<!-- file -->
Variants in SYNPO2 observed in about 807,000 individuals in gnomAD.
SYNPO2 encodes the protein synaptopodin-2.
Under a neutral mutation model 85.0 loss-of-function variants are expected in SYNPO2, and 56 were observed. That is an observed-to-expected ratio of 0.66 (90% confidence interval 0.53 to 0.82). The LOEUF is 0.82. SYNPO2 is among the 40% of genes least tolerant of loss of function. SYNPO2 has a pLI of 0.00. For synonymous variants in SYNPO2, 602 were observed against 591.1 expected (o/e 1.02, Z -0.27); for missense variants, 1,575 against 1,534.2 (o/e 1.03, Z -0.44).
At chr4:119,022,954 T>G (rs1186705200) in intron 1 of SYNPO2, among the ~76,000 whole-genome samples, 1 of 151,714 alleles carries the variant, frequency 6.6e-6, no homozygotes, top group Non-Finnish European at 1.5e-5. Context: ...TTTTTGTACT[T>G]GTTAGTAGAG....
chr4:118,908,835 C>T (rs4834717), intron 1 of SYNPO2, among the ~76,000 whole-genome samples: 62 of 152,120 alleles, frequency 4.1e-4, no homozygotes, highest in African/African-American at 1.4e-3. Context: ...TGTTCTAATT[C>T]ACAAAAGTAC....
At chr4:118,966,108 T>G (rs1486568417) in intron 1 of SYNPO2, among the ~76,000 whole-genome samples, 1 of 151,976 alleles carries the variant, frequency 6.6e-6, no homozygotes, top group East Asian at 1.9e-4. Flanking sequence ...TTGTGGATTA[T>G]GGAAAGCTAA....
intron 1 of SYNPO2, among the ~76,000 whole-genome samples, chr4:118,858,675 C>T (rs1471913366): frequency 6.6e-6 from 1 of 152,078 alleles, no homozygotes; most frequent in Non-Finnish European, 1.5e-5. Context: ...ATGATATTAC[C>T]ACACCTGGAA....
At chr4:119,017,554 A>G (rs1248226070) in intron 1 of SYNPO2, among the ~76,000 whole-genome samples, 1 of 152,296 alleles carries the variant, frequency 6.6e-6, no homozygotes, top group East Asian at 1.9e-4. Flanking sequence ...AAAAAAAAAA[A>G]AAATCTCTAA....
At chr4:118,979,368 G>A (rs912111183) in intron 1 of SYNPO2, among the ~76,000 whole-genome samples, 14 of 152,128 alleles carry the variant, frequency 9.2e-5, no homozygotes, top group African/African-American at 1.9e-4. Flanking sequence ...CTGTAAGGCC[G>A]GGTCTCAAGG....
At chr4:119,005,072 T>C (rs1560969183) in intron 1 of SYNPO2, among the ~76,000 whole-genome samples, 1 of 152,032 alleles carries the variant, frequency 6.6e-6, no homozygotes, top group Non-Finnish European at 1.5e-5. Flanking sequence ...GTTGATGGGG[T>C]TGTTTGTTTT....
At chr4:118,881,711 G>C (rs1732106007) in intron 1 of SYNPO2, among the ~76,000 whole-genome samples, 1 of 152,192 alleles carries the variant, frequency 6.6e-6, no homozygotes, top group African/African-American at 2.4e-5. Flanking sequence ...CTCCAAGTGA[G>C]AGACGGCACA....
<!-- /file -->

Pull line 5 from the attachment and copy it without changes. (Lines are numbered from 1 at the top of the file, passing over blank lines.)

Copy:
chr4:118,908,835 C>T (rs4834717), intron 1 of SYNPO2, among the ~76,000 whole-genome samples: 62 of 152,120 alleles, frequency 4.1e-4, no homozygotes, highest in African/African-American at 1.4e-3. Context: ...TGTTCTAATT[C>T]ACAAAAGTAC....